March 18, 2013 The History of Flax
Early Flax History
The people of Neolithic times depended on numerous plants and animals for their continued survival. Knowledge of these resources had come to them through observation, experimentation and from information provided to them by their ancestors. Increased familiarity with these sources of food, fiber and medicine laid the foundation for pastoral and arable agriculture; indeed, the agricultural revolution was a seminal event of the Neolithic era. Since that time, (approximately 10,000 years ago) there have been 500 human generations.
There is general agreement that present day cultivated flax is most closely related to wild L. angustafolium; a wild progenitor seen throughout the Mediterranean Basin, North Africa, the Near East, Iran, Caucasia and Western Europe. Other species of the Linum L. genus are located over the steppe belts of the temperate Mediterranean, the northern hemisphere and China.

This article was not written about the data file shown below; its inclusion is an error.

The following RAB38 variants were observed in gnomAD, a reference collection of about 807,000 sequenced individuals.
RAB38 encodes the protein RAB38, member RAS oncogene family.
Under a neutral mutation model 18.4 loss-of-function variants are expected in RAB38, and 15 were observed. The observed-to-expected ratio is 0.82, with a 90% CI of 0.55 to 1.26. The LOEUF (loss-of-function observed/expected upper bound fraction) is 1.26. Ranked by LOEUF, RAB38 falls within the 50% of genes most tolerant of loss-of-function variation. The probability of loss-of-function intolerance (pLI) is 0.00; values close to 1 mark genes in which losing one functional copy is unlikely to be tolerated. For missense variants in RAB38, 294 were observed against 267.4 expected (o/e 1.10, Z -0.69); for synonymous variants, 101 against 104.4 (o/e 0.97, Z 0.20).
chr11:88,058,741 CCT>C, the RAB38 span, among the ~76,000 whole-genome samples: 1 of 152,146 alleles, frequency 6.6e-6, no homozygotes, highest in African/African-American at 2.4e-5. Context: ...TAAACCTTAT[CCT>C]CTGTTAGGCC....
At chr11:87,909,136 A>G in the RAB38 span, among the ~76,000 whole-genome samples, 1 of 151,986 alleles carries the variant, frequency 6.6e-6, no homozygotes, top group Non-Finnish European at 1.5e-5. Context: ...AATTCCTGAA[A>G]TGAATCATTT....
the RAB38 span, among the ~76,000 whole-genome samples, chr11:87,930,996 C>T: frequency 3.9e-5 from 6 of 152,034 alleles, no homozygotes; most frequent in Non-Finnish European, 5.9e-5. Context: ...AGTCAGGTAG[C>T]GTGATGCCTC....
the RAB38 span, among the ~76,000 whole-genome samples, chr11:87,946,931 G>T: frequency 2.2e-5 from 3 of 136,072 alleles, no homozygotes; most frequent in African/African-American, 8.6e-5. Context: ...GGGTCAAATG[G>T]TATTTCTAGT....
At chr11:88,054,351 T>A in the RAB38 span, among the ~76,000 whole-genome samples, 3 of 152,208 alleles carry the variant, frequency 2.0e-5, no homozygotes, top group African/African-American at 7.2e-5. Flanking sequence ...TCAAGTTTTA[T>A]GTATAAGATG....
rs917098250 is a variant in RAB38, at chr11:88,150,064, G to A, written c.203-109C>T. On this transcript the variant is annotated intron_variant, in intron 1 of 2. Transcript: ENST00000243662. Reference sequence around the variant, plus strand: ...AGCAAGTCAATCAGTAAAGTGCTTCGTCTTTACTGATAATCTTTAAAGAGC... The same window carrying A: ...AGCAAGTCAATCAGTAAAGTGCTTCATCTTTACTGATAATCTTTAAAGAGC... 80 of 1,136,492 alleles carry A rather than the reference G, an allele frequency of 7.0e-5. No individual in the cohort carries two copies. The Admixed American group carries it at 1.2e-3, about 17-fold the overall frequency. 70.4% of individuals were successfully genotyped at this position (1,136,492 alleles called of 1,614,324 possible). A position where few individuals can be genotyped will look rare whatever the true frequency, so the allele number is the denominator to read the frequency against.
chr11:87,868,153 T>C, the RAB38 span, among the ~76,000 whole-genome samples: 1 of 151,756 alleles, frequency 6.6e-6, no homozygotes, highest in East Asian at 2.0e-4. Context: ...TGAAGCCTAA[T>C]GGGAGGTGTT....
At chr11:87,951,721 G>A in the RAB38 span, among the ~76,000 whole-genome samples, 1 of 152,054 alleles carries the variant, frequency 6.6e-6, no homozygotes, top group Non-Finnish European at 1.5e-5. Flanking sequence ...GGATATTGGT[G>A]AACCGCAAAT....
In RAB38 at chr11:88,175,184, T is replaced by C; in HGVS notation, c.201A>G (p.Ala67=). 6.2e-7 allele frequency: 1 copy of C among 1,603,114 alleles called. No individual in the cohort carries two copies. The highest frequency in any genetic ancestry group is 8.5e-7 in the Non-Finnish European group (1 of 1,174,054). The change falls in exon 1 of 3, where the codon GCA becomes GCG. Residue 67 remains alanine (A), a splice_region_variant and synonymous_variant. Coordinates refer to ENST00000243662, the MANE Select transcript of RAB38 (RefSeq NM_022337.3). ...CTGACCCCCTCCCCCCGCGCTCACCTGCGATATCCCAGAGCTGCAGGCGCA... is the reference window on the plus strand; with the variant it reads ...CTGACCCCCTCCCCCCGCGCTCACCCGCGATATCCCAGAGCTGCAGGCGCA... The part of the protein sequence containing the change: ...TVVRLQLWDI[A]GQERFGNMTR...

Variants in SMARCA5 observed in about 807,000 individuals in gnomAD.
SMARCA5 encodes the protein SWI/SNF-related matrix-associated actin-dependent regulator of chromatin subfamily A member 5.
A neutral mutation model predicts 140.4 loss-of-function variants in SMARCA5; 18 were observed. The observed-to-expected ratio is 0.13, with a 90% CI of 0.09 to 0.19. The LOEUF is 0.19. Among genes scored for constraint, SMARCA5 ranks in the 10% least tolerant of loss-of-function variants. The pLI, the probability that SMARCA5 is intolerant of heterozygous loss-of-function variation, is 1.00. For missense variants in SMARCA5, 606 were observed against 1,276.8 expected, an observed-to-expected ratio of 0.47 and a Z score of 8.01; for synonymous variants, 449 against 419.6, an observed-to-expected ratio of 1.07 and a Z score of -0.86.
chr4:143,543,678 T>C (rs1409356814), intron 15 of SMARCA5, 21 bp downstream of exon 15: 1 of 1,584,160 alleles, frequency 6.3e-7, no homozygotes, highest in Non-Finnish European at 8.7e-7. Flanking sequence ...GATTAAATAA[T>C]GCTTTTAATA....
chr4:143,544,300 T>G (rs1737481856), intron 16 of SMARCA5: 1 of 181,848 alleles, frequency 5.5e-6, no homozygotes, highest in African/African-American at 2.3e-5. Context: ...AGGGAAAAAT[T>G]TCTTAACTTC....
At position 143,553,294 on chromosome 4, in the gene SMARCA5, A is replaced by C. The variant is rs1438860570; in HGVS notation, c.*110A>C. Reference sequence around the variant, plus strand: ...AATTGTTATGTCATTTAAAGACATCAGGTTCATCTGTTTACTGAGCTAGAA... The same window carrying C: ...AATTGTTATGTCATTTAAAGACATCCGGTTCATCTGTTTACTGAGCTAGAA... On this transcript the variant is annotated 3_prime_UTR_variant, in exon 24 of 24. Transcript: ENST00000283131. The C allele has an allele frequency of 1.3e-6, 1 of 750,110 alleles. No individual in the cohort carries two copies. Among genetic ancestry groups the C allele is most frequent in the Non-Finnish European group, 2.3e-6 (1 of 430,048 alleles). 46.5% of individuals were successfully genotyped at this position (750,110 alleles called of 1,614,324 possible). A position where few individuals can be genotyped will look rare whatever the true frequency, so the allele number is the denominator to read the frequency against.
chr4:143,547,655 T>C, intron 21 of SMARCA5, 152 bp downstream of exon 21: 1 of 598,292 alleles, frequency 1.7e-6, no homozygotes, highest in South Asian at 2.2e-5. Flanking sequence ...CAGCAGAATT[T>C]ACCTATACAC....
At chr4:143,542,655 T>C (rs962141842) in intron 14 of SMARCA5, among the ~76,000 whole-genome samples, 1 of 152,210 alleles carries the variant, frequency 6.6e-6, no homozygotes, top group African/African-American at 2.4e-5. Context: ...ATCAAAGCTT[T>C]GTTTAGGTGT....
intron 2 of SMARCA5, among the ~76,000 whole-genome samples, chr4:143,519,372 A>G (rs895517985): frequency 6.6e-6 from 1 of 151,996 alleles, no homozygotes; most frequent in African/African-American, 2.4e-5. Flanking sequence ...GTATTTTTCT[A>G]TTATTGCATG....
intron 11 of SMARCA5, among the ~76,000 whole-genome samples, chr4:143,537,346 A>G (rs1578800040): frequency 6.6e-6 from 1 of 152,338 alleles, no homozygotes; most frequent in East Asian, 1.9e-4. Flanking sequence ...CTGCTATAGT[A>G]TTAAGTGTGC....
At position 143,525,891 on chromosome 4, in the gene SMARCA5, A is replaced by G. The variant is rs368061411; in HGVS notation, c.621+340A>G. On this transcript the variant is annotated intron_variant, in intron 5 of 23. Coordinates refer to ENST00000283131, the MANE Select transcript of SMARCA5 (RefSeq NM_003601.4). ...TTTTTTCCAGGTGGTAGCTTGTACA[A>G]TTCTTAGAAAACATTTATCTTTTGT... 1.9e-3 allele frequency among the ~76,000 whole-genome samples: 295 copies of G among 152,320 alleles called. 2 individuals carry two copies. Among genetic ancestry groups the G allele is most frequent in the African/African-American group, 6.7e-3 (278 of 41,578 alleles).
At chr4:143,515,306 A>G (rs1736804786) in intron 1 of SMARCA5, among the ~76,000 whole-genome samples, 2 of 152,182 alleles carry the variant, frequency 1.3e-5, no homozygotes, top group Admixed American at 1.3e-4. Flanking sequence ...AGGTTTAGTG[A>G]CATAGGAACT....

Because it was one of the first domesticated plants, flax is recognized as a foundation crop of modern civilization. It responded well to the first efforts at domestication as was evidenced by a noticeable increase in seed size, higher oil yield and /or a longer stem and a seed boll that did not easily dehisce (burst open releasing the seeds). These significant genetic changes were fundamental in flax attaining a leading position in the economic, social, religious and political lives of Neolithic people and further positioned it for a future inexorably interwoven with that of human civilization.
The greatest biological diversity within the genus Linum is found on the Indian subcontinent and scholars believe that this is the most likely region for the botanical origin of our modern cultivated flax. Early trade routes linked India with the Middle East through the Indus Valley. Another school of thought outlines the belief that flax originally came from Western Persia (Iran) and spread to other countries regarded to be the areas of early flax cultivation – India, China and Central Asia, then west and south, primarily to Babylon (Iraq) and Egypt.
Flax in Ancient Egypt